Adjusted for gender, age, housing size, education, being widowed, divorced, separated, living alone, having no confidante, infrequent visits or telephone calls by family or friends, smoking, alcohol, smoking, co-morbidity, potentially depressogenic medications, physical functional disability, poor or fair self-reported health.1.861.252.75
      Among the 189 respondents with COPD (Table 3), those who were depressed (N=43) had significantly greater proportions of individuals who reported poor health and functional status, compared to those who were not depressed (N=146). In multivariate analyses that controlled for COPD severity, gender, age, housing size, education, smoking, co-morbidity, BADL disability and dyspnoea as appropriate, depression was significantly associated with BADL disability (OR=2.89, p=0.049), poor or fair self-reported health (OR=3.35, p=0.004), poor SF-12 PCS scores (OR=2.35, p=0.041) and poor SF-12 MCS scores (OR=4.17, p<0.001). Depressed patients were more likely to report worse dyspnoea (41.9% versus 30.1%) although the association in multivariate analysis was not statistically significant (p=0.13). Depressed respondents also reported significantly no significant differences in smoking status.
      Table 3Association of depressive symptoms with symptoms burden, functional status and self-rated health in respondents with COPD (N=189).
      Not depressed, N=146 % (N)Depressed, N=43 % (N)pAdjusted OR 95% CIpModel
      Stopped smoking15.1 (22)9.3 (4)1.440.37–5.550.60
      Currently smoking11.6 (17)11.6 (5)0.620.890.24–3.320.871
      Moderate to severe dyspnoea30.1 (44)41.9 (18)0.151.800.85–3.830.132
      BADL disability8.9 (13)20.9 (9)0.0312.891.01–8.380.0493
      Fair or poor self-reported health37.7 (55)65.1 (28)<0.0013.251.46–7.200.0044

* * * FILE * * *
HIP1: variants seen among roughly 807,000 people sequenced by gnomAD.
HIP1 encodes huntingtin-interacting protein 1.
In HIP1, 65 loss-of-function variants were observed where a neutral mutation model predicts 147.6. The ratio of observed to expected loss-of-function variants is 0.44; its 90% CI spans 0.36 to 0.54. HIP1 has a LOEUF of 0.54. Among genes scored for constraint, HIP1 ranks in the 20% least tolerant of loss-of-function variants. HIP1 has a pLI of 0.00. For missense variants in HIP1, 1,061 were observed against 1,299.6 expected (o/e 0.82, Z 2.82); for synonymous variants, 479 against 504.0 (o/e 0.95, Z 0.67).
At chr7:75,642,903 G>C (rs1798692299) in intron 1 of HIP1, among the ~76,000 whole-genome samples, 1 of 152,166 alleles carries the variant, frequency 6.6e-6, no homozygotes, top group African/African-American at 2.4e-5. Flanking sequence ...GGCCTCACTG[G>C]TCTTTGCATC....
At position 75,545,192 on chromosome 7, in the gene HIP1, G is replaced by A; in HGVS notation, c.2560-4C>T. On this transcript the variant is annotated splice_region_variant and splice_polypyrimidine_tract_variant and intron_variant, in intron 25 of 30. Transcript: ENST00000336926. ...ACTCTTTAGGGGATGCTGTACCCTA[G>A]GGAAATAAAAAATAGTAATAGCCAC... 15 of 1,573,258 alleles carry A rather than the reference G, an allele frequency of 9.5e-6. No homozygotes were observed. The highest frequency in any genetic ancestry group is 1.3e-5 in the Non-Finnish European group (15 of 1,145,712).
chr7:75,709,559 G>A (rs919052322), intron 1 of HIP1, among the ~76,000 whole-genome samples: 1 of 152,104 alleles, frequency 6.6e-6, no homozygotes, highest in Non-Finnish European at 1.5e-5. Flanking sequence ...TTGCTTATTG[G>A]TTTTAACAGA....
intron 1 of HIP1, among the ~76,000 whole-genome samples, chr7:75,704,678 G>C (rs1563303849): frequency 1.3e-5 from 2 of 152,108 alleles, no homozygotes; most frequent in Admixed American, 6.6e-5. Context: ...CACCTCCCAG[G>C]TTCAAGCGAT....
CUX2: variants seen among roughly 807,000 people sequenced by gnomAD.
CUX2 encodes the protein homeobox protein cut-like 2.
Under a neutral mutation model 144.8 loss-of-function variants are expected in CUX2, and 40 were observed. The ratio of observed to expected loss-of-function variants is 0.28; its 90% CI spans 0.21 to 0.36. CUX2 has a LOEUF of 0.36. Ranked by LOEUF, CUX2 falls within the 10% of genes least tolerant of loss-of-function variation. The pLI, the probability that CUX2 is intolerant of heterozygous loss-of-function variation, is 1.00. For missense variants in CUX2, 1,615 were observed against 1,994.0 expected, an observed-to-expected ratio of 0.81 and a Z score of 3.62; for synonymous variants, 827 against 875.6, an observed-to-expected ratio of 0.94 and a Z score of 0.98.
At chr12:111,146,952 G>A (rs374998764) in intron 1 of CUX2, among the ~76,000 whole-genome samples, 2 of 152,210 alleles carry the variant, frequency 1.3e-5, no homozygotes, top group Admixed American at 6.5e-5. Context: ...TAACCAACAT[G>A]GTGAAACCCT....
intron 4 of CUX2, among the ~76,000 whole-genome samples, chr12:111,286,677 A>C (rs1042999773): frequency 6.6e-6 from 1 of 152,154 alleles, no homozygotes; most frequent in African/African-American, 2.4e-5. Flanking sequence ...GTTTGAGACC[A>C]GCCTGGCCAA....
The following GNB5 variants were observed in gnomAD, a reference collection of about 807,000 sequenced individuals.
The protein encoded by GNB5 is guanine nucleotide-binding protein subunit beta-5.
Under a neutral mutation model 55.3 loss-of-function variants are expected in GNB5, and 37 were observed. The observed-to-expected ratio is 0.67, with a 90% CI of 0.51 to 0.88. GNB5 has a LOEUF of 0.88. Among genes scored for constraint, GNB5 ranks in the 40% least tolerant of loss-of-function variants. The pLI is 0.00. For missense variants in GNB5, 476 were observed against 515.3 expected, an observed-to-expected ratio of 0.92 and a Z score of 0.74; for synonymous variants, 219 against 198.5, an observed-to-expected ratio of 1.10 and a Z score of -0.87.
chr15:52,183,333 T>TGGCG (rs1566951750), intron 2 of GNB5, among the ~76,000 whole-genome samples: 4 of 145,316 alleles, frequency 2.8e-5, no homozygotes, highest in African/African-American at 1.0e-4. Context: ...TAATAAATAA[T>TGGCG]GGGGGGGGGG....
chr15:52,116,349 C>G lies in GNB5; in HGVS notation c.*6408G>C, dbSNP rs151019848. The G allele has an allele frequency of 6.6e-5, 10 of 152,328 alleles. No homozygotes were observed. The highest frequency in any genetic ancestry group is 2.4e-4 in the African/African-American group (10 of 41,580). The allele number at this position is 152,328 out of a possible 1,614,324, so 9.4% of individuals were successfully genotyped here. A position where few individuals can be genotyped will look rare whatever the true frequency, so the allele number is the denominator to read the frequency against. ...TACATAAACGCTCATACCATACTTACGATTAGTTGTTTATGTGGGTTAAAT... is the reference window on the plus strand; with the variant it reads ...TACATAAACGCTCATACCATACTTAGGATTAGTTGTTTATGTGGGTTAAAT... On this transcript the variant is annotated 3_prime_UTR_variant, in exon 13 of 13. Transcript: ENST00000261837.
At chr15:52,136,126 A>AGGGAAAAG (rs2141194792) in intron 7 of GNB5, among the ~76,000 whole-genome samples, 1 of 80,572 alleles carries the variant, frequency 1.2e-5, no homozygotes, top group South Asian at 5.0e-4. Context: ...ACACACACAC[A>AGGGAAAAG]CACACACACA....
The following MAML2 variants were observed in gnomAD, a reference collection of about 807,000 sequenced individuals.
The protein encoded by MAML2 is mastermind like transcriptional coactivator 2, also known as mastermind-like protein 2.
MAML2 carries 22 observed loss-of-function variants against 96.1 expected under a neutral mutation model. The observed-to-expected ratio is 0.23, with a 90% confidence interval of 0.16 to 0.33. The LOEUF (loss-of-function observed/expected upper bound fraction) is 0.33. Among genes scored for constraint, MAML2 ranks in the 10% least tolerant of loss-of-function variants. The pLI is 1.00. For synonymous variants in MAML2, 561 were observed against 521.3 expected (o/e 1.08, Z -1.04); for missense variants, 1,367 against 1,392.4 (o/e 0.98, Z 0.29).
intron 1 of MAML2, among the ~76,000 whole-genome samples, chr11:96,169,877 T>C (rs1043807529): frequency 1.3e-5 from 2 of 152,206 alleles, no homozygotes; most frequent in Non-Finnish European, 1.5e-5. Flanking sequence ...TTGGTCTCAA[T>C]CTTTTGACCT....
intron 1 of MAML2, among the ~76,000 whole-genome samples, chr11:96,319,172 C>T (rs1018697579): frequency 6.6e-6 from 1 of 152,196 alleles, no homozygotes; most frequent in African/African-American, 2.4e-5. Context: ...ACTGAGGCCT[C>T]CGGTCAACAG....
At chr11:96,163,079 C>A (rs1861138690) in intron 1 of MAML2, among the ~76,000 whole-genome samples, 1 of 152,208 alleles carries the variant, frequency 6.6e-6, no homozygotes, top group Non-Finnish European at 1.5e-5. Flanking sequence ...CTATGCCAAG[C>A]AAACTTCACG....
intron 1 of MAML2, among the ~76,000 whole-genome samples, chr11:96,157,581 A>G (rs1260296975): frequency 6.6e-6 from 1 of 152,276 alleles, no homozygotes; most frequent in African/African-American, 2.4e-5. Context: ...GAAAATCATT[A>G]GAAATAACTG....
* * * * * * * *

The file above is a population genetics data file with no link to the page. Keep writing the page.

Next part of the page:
SF-12 PCS lowest tertile39.7 (58)60.5 (26)<0.0012.351.04–5.350.0414
      SF-12 MCS lowest tertile33.6 (49)65.1 (28)<0.0014.171.86–9.380.0014
      1. COPD severity, gender, age, education, marital status, co-morbidity, BADL disability.
      2. Adjusted for COPD severity, gender, age, housing size, smoking, co-morbidity, BADL disability.
      3. Adjusted for COPD severity, gender, age, housing size, smoking, co-morbidity and dyspnoea.
      4. Adjusted for COPD severity, gender, age, education, housing size, smoking, co-morbidity, BADL disability, dyspnoea.
      In multivariate analysis that controlled for other covariates, the variables that were significantly associated with depressive symptoms were increasing airflow obstruction (FEV1 50–<80 and <50% versus ≥80 predicted, OR=1.48, 1.64, p for trend=0.028), younger age (<65 and 65–74 versus ≥75, OR=1.40, 0.88, p for trend=0.003), lower-end housing (OR=1.74, p=0.003), living alone (OR=1.75, p=0.019), no confidante (OR=2.31, p=0.001), poor self-rated health (OR=2.39, p=0.001), moderate to severe dyspnoea (OR=1.53, p=0.034), SF-12 PCS lowest tertile (OR=1.79, p<0.001) and SF-12 MCS lowest tertile (OR=5.21, p<0.001).